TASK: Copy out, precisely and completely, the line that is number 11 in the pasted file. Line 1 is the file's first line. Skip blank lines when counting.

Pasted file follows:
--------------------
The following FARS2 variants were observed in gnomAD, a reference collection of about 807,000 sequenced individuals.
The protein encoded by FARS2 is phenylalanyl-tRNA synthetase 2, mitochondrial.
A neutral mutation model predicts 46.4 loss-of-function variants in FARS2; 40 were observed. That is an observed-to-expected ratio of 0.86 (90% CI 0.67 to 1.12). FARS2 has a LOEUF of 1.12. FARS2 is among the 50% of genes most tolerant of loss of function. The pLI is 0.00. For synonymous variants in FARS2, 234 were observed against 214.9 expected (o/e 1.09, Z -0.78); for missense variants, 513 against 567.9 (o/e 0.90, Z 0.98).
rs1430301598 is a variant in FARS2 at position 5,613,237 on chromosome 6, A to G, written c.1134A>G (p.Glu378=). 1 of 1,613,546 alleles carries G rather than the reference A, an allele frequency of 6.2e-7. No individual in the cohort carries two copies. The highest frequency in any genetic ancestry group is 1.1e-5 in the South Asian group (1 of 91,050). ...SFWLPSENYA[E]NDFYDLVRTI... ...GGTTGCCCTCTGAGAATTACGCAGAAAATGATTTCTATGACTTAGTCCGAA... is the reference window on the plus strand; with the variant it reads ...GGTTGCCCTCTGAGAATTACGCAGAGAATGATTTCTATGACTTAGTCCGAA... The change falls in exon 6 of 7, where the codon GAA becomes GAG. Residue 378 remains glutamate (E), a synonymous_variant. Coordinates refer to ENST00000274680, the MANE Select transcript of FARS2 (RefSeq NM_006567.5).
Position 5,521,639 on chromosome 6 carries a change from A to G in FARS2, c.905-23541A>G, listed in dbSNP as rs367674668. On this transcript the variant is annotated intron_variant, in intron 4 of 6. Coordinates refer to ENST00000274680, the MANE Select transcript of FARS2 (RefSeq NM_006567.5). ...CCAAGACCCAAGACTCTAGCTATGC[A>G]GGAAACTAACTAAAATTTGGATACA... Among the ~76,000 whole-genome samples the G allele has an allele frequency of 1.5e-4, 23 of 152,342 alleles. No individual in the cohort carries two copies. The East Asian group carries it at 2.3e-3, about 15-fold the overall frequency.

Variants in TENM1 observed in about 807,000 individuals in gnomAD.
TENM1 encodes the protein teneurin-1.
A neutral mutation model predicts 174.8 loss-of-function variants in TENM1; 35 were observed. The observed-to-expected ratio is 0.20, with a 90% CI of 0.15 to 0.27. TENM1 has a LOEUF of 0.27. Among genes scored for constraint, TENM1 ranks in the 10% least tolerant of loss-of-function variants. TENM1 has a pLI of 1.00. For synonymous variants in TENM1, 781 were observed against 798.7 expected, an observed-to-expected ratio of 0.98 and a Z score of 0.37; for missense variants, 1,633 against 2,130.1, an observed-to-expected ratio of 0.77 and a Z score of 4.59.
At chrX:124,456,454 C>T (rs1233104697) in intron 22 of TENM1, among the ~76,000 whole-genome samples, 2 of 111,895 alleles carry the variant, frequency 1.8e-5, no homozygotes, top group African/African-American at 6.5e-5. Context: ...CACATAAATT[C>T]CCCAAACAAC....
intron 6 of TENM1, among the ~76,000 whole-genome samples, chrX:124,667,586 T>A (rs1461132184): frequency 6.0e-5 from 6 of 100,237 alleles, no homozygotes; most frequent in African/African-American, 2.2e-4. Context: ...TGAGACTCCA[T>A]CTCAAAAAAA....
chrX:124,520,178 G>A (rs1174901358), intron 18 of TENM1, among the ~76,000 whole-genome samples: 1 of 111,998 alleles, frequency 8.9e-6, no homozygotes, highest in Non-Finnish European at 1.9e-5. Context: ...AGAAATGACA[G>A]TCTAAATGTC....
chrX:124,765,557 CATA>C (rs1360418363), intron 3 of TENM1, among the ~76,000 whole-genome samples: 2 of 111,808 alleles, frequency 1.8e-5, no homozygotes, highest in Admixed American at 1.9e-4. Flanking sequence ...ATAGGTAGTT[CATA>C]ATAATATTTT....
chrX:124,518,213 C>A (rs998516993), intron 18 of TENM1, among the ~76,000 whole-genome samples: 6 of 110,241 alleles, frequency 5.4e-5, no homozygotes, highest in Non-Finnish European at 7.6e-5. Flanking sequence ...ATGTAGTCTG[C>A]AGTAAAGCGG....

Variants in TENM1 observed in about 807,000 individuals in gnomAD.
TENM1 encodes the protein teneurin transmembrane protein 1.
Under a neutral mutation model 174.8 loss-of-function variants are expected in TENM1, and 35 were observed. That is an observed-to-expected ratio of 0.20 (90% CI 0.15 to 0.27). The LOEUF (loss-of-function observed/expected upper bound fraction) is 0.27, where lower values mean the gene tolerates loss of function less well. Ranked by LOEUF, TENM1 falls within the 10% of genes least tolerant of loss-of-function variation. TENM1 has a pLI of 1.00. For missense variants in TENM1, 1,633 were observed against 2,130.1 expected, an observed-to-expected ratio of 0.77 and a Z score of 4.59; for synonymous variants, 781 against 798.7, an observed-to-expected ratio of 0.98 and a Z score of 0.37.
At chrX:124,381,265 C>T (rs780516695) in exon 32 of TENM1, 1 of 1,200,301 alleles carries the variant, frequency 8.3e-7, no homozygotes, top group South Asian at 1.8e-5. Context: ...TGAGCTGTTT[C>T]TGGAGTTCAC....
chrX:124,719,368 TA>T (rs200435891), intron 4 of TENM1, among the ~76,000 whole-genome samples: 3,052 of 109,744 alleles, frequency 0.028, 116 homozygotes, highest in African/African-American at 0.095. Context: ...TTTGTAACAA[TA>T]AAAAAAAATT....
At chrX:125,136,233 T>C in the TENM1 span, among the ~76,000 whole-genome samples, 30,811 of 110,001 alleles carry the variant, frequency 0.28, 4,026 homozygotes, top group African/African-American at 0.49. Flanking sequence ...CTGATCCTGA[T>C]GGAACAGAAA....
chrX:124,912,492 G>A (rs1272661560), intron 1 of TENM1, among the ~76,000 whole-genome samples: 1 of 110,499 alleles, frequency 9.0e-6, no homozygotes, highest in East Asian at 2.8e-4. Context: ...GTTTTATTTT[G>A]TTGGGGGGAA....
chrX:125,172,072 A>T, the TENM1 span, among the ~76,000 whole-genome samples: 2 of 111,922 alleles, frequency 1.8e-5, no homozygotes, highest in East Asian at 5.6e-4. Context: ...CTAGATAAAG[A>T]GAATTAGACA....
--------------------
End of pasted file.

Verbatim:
chrX:124,520,178 G>A (rs1174901358), intron 18 of TENM1, among the ~76,000 whole-genome samples: 1 of 111,998 alleles, frequency 8.9e-6, no homozygotes, highest in Non-Finnish European at 1.9e-5. Context: ...AGAAATGACA[G>A]TCTAAATGTC....